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Matinee: 'Funny Face Series' Share This on LinkedIn   Share This on Google   Tweet This   Forward This

6 October 2018

Saturday matinees long ago let us escape from the ordinary world to the island of the Swiss Family Robinson or the mutinous decks of the Bounty. Why not, we thought, escape the usual fare here with Saturday matinees of our favorite photography films?

So we're pleased to present the 170th in our series of Saturday matinees today: Funny Face Series by Guy Davies.

As a professional photographer, Guy Davies has observed that "over the years kids are sort of almost forced to smile and behave a certain way in front of the camera." That's what gave him the idea to cut them loose in his Funny Face Series.

The series is perhaps the perfect antidote to his role as the official photographer for the Steven Walter Foundation, which raises money for childhood cancer research.

In the end the project helps people break out of their shells, he says, and take themselves less seriously.

But how could he get them to cut loose?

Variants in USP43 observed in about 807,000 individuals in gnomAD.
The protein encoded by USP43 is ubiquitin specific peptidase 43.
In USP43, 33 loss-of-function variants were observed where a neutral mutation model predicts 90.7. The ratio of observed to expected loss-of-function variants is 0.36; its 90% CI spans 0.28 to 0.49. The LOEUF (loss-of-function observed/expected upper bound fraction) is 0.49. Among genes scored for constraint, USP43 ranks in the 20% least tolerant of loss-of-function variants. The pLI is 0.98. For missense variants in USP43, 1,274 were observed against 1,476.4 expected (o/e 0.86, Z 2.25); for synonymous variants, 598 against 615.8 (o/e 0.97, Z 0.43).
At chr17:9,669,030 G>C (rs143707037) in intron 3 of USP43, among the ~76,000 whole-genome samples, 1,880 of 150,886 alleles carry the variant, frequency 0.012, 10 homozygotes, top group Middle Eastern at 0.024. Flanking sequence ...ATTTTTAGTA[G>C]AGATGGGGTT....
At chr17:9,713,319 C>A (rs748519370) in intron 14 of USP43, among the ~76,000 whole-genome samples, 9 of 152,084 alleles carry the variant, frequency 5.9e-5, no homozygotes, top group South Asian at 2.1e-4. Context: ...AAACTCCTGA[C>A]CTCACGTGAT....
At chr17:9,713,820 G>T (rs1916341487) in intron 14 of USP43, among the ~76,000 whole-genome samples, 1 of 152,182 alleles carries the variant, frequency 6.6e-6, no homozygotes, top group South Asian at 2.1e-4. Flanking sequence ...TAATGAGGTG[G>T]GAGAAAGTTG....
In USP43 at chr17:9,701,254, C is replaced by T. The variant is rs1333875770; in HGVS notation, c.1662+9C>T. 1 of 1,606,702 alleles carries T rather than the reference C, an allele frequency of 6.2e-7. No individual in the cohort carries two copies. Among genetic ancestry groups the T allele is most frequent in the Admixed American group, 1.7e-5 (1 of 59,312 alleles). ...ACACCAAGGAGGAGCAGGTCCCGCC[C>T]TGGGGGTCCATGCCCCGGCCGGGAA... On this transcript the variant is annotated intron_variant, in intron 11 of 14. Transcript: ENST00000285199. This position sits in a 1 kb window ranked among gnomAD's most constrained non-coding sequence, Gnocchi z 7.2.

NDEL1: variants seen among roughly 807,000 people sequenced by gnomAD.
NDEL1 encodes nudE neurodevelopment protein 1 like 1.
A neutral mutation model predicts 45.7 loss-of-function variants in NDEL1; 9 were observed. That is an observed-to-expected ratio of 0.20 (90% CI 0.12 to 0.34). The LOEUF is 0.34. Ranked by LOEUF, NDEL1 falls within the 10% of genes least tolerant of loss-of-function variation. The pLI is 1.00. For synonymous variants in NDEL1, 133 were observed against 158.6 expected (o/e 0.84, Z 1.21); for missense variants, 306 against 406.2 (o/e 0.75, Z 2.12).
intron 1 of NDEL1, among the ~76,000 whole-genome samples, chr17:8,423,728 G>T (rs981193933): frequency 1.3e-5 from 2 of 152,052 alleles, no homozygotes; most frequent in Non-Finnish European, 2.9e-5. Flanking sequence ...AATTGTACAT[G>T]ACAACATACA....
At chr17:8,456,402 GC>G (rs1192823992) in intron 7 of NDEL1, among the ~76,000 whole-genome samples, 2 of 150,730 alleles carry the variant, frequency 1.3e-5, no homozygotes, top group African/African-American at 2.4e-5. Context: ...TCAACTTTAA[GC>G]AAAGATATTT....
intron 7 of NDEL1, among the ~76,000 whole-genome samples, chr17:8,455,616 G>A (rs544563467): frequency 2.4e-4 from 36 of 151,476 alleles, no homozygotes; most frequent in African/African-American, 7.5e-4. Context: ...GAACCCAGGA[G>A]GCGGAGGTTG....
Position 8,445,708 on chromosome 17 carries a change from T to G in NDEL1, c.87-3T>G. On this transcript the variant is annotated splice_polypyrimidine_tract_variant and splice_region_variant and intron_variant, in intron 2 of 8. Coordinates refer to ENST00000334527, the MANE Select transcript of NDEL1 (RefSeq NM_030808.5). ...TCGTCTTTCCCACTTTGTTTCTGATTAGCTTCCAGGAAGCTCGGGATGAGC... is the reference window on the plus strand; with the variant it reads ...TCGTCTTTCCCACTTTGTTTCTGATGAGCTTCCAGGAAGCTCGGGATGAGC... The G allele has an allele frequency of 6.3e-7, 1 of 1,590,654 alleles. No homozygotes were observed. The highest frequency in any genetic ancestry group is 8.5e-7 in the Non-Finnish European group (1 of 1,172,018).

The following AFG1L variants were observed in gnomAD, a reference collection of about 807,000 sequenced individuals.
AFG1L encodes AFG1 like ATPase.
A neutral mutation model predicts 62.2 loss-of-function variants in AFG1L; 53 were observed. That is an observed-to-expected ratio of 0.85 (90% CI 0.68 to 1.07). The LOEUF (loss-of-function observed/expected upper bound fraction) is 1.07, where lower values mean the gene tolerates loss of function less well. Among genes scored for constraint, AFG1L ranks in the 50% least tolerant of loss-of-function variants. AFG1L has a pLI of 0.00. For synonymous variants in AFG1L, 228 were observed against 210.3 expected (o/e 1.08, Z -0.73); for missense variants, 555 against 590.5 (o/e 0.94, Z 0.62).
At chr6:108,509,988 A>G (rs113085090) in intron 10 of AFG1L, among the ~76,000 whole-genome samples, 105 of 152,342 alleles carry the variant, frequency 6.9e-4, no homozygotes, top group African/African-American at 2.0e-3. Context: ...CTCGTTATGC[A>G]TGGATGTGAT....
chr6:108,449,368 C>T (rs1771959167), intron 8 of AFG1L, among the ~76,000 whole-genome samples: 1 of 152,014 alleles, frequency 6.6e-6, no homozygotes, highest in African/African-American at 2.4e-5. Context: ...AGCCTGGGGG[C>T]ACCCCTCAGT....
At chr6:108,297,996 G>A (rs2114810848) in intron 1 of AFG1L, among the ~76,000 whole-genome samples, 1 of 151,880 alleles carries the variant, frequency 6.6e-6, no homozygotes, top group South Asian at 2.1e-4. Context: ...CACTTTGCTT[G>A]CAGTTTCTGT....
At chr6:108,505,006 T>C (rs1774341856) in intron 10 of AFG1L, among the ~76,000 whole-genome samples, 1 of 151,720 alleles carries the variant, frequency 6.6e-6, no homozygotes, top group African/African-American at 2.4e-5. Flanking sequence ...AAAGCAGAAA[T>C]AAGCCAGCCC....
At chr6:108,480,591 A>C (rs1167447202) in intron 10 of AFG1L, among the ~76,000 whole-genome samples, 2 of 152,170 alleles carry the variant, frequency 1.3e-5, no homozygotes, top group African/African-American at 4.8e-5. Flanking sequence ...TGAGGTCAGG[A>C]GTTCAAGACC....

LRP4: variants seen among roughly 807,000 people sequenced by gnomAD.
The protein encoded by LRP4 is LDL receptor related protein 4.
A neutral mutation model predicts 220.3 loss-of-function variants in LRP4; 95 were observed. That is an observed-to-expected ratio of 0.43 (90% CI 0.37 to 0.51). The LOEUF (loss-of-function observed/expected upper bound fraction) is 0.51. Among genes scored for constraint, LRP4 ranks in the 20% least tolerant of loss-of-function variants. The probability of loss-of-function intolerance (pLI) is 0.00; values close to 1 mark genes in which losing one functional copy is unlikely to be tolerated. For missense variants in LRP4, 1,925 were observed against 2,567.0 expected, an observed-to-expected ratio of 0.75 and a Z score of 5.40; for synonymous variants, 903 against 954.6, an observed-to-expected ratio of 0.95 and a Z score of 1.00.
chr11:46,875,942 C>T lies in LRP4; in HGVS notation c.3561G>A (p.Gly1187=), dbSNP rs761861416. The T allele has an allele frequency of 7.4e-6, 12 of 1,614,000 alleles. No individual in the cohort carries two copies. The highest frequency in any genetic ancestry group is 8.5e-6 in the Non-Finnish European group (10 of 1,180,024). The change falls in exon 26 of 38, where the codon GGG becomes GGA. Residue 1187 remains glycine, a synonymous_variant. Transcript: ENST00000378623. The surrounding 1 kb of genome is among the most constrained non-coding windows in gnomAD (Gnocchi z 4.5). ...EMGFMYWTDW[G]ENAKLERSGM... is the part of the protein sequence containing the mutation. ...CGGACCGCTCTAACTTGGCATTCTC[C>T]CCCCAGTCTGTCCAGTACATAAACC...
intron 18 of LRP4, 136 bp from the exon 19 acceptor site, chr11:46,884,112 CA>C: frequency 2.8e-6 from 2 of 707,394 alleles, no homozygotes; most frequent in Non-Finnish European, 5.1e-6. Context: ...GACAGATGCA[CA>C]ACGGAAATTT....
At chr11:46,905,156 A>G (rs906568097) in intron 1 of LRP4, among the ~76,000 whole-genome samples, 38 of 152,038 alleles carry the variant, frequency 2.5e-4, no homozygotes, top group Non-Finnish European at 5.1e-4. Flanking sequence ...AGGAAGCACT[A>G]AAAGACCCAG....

Well, the Australian children's classic When the Wind Changed by Ruth Park inspired him. In that book, Josh is a little boy who likes to make scary faces. To get him to stop, his father warns him that when the wind changes, you could be stuck with that face.

Fortunately, there's no wind machine at CoHouse Studios, where Davies shot the series.

He does ask the kids to dress up in their best, as if for a formal portrait. It's part of the fun of misbehaving, he explains. And it makes a nice contrast between the prim-and-proper and the devilish.

In the end the project helps people break out of their shells, he says, and take themselves less seriously.

In this short clip, we see the studio sessions and prints rolling out of his compact dye sub printer as Davies narrates. And he tells us about his gear: a Nikon D800 and Broncolor studio lighting.

We also get a glimpse of his technique.

He gets down to the children's level and shoots quite close to them, only a few feet from their faces. They don't seem to mind at all. Instead, they relish the spotlight -- which inevitably leads to shared laughter.

You can see a collection of the images at Davies' site. But don't stare at them too long or, we've heard, your eyes may stay crossed.

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